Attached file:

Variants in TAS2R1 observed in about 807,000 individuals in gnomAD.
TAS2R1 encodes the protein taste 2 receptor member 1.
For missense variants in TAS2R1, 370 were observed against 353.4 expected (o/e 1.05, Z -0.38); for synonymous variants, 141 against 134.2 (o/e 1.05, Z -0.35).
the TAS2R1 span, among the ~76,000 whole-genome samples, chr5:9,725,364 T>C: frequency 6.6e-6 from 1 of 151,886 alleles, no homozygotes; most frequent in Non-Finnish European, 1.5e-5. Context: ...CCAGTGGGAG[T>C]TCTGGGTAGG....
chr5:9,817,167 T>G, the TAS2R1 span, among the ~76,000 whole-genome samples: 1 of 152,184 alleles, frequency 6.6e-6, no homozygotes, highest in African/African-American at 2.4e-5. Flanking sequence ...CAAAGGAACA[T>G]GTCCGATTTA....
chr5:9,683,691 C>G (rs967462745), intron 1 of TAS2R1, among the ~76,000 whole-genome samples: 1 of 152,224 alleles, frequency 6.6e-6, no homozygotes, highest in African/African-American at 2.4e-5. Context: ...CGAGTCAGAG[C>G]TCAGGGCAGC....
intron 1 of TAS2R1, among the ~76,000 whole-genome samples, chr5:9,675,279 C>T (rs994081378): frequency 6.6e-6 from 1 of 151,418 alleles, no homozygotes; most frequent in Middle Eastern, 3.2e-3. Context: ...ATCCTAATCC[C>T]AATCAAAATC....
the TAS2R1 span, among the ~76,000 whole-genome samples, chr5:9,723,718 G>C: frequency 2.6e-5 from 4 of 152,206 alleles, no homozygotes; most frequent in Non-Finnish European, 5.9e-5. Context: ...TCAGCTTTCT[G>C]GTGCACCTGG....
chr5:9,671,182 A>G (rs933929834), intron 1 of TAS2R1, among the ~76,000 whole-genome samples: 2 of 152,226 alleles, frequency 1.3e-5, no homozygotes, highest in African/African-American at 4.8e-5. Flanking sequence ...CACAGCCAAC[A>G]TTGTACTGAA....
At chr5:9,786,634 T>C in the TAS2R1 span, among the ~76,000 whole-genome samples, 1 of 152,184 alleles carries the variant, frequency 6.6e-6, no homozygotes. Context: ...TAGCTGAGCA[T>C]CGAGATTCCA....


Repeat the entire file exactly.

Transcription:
Variants in TAS2R1 observed in about 807,000 individuals in gnomAD.
TAS2R1 encodes the protein taste 2 receptor member 1.
For missense variants in TAS2R1, 370 were observed against 353.4 expected (o/e 1.05, Z -0.38); for synonymous variants, 141 against 134.2 (o/e 1.05, Z -0.35).
the TAS2R1 span, among the ~76,000 whole-genome samples, chr5:9,725,364 T>C: frequency 6.6e-6 from 1 of 151,886 alleles, no homozygotes; most frequent in Non-Finnish European, 1.5e-5. Context: ...CCAGTGGGAG[T>C]TCTGGGTAGG....
chr5:9,817,167 T>G, the TAS2R1 span, among the ~76,000 whole-genome samples: 1 of 152,184 alleles, frequency 6.6e-6, no homozygotes, highest in African/African-American at 2.4e-5. Flanking sequence ...CAAAGGAACA[T>G]GTCCGATTTA....
chr5:9,683,691 C>G (rs967462745), intron 1 of TAS2R1, among the ~76,000 whole-genome samples: 1 of 152,224 alleles, frequency 6.6e-6, no homozygotes, highest in African/African-American at 2.4e-5. Context: ...CGAGTCAGAG[C>G]TCAGGGCAGC....
intron 1 of TAS2R1, among the ~76,000 whole-genome samples, chr5:9,675,279 C>T (rs994081378): frequency 6.6e-6 from 1 of 151,418 alleles, no homozygotes; most frequent in Middle Eastern, 3.2e-3. Context: ...ATCCTAATCC[C>T]AATCAAAATC....
the TAS2R1 span, among the ~76,000 whole-genome samples, chr5:9,723,718 G>C: frequency 2.6e-5 from 4 of 152,206 alleles, no homozygotes; most frequent in Non-Finnish European, 5.9e-5. Context: ...TCAGCTTTCT[G>C]GTGCACCTGG....
chr5:9,671,182 A>G (rs933929834), intron 1 of TAS2R1, among the ~76,000 whole-genome samples: 2 of 152,226 alleles, frequency 1.3e-5, no homozygotes, highest in African/African-American at 4.8e-5. Flanking sequence ...CACAGCCAAC[A>G]TTGTACTGAA....
At chr5:9,786,634 T>C in the TAS2R1 span, among the ~76,000 whole-genome samples, 1 of 152,184 alleles carries the variant, frequency 6.6e-6, no homozygotes. Context: ...TAGCTGAGCA[T>C]CGAGATTCCA....